Thursday, August 19, 2010
The global warming alarmists often live in Europe, so we see lots of references to temperatures in centigrade. Here in the U.S. we are still used to reading temperatures in Fahrenheit. It's useful to be able to convert from one temperature scale to another, especially to put alarmists arguments into a more familiar perspective.
My Screw Up at YouTube:
There is a National Geographic video at YouTube showing the ecological disaster that would allegedly occur if global temperatures increased even 5°C. Well I whipped out the conversion formula I learned in high school and tried to convert that increase to its Fahrenheit equivalent, which has more meaning for me as an American. So I computed 5°C * (9/5) +32 = 41°F. Well now, I thought, we'd have to have the sun become a supernova before such an increase would happen, so the whole argument is moot, cause it ain't ever gonna happen, at least not for billions of years.
Thinking It Through
However, my thinking was wrong. We weren't comparing two temperatures, we were comparing an increase in temperature, an interval rather than a point on the thermometer. So how do you convert an interval, say, how is an increase in 5°C converted into °F?
Well, let's see. The centigrade thermometer is based on a 100 degree scale: start at 0 degrees (freezing point for water) and end at 100 degrees (boiling point for water). The Fahrenheit thermometer is based on a 212 degree scale. It starts at 0 and ends at 212 degrees. Freezing (for water) is at 32 degrees and boiling of water occurs at 212 degrees. Okay, so converting an interval, C to F, should be C * 212/100, I thought. That converted 5°C to 10.6°F. Sounds reasonable. If correct, I should be able to convert back to C by the upside down version of the formula: C = F*(100/212). However, this did not convert 10.6 °F back to 5°C. It converted it to 2.36°C. My formula didn't work, but why?
Aha, it dawned on me. Water freezes at 0°C and at 32°F. The scales are not really comparable because the F scale covers a greater range of temperatures. To make them comparable, I had to knock off the first 32° from the F scale (212 - 32 = 180). So the formula for comparing temperature intervals are these: F = C*(180/100) and C = F*(100/180).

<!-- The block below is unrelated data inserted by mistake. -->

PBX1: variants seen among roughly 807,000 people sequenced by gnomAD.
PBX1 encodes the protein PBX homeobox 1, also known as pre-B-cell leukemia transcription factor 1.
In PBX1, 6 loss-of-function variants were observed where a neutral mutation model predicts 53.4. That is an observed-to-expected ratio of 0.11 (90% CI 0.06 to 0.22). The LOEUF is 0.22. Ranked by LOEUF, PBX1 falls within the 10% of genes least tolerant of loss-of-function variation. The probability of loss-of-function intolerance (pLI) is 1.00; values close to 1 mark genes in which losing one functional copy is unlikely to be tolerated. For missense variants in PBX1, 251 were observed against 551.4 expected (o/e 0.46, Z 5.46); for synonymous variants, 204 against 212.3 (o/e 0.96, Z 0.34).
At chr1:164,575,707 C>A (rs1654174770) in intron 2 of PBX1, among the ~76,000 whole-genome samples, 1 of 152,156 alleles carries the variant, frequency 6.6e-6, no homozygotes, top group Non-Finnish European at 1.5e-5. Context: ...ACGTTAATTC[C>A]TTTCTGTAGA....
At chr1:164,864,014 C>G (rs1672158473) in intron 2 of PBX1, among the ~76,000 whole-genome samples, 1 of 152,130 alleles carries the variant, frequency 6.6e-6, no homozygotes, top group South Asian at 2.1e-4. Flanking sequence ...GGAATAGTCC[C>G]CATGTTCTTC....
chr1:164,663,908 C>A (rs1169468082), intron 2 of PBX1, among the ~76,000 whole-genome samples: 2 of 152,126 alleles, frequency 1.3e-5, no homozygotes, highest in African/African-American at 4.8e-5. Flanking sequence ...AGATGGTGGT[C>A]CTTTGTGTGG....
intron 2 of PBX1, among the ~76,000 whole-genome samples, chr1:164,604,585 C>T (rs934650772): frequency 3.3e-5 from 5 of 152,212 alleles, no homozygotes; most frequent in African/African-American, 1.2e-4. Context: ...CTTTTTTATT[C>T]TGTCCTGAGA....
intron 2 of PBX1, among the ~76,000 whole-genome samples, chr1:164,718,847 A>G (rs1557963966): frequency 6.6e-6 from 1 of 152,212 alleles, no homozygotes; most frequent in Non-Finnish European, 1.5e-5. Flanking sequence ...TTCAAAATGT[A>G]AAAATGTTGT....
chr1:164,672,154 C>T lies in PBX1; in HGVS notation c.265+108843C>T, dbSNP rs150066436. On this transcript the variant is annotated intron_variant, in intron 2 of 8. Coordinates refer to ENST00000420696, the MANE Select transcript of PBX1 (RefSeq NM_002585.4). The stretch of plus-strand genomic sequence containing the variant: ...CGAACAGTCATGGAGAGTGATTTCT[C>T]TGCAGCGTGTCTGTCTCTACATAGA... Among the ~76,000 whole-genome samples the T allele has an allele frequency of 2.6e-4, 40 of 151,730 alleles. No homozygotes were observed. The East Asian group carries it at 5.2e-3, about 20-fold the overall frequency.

So an increase of 5°C is equal to an increase of 9.0°F, and vice versa. This formula works both ways, so it seems correct.
So now, in order to evaluate National Geographic's nightmare scenario, I have to think: what ecological disaster would occur if global temperatures increased 9.0 °F? That would be hot, indeed. The Medieval Warming Period is said to have increased only 7°F, at the most. However, that period saw longer growing seasons, easier living conditions and greater longevity. The warming was beneficial to man, not deleterious.
So even if temperatures did increase 5°C, would it really destroy the planet? I doubt it. I also doubt that the temperatures ever will increase that much, barring some unforeseen ecological change (man made carbon emissions won't do it.)
Okay, for those who are interested, here are the formulas for converting temperatures.
Converting From Centigrade to Fahrenheit:
It the temperature is 5 degrees C, what is the temperature in Fahrenheit? Use the formula:
F = (9/5 * C) + 32
So to convert 5°C to F: (9/5 * 5) + 32 = 41°F.
Converting From Fahrenheit to Centigrade:
If the temperature is 41°F, what is it in centigrade? Use the formula:
C=(F-32) * 5/9
So to convert 41°F to C: (41-32) * 5/9 = 5°C
Now, if the temperature increases by 5°C, how much did it increase in F? The answer is not 41 degrees, because we aren't measuring two temperatures, but the interval between two temperatures. The formula to compute this is: C * 180/100 = F.
So an increase in 5°C = 5* (180/100) = an increase of 9.0°F
To convert a temperature interval from F to C, the opposite formula is used:
F * (100/180) = C.
So an increase in temperature of 9.0 °F, expressed in C, is as follows:
9.0 * (100/180) = 5°C.
Now that I have put you all to sleep, pleasant dreams!